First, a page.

German meatloaf, creamed spinach, rosti - A$15 Una's also has a chalkboard on the wall listing various specials on different nights of the week. I didn't write down the price of this, but it was around A$15. I had seen this on the board during one of my meals at Una's, and made it a point to go back and try this on the specific night. Overall, it was really good. You can't really see the meatloaf under the jaeger sauce, but it was extremely meaty and very flavorful even on its own. As expected, it wasn't the spongy cafeteria meatloaf most people imagine. Again, the portion was absolutely huge; I ate half and was totally stuffed. The creamed spinach was a little disappointing - too much cream, not enough spinach. Of course, there was always the rosti to fall back on.

Viennese paprika chicken with rosti - A$18.4 Well, this is the lighter alternative to a deep fried veal cutlet: chicken breast! Who am I kidding. Don't go to Una's expecting you can get a light, healthy dinner - you'll just be lying to yourself. Unless you want to eat just a Caesar salad and go home. (Don't get me wrong, my friend Ben ordered the Caesar salad once and it was good. Just don't expect to be able to restrain yourself to just that when you go...)

Anyway, I was a bit afraid of the chicken breast, but my friend Greg ordered it once, and after trying one bite I liked it enough to order it the next time I went. The paprika sauce is nice - a bit milder than the jaeger, and quite delicious. The chicken is shockingly tender considering it is white meat. Overall, a good option. And so those are a few of the choices at Una's. Between me, my roommate Dan, Greg, Ben, and a few others, we worked our way through a good portion of the menu. Everything is pretty much a safe bet, and you know you'll be getting a ton of food for what you're paying.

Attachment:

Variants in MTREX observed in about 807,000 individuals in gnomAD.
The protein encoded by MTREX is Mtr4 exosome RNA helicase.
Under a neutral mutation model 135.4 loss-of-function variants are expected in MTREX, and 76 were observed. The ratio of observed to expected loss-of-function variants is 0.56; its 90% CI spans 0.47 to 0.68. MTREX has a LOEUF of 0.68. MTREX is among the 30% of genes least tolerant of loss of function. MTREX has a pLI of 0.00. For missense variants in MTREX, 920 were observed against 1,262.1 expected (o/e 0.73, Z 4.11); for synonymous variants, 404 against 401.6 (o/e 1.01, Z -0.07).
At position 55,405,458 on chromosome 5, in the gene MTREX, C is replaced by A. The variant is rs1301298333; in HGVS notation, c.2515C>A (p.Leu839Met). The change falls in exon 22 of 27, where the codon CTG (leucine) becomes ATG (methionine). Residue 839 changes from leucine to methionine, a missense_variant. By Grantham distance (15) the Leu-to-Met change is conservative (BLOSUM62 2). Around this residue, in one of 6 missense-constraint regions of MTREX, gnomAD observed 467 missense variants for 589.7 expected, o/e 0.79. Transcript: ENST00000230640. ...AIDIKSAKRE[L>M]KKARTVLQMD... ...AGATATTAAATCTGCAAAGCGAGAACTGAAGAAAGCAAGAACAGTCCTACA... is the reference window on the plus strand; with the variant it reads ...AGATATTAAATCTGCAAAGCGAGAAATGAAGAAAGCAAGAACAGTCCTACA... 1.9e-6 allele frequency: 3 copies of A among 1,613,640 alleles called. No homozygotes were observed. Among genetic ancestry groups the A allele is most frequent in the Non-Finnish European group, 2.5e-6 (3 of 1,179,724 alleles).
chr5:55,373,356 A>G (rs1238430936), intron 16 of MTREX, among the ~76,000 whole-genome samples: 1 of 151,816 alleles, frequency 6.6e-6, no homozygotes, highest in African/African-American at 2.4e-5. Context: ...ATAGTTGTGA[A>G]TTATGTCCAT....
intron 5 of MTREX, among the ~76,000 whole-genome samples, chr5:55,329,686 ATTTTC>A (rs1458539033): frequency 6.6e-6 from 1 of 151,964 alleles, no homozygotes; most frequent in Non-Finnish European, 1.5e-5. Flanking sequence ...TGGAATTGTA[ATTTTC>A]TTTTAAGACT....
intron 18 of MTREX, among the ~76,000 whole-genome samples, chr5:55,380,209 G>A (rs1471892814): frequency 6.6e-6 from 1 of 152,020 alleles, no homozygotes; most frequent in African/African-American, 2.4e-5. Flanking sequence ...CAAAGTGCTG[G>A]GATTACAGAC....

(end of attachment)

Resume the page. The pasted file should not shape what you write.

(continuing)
Finally, going through my pictures, I seem to have failed to take a picture of Una's breakfast. Sunday morning breakfast (for us, this usually meant about 1-2pm) accounted for about half of my meals at Una's, and it's there that you really get the best deal. For under A$8, you can get a HUGE plate of eggs, your choice of ham/bacon/sausage, some nice piece of roasted tomato, some toast, and most importantly a big pile of rosti. In Australia, bacon isn't quite like what we get at home. It's not cut into strips, and includes a lot of lean meat. It tastes more like Canadian bacon than American bacon, but it's not quite lean all the way through, and is also usually cut bigger and not exactly round. Either way, I didn't really like it, and so I usually got ham. The Sunday morning Una's was routine, and the perfect cure for long, rough Saturday nights. Watch out for the 10% Sunday/public holiday charge, which is a normal practice in Sydney that seems really weird to us Americans. Still, even with that 10%, the Sunday breakfast at Una's was a sweet deal. As you may have guessed, I loved Una's. It's a college student's dream.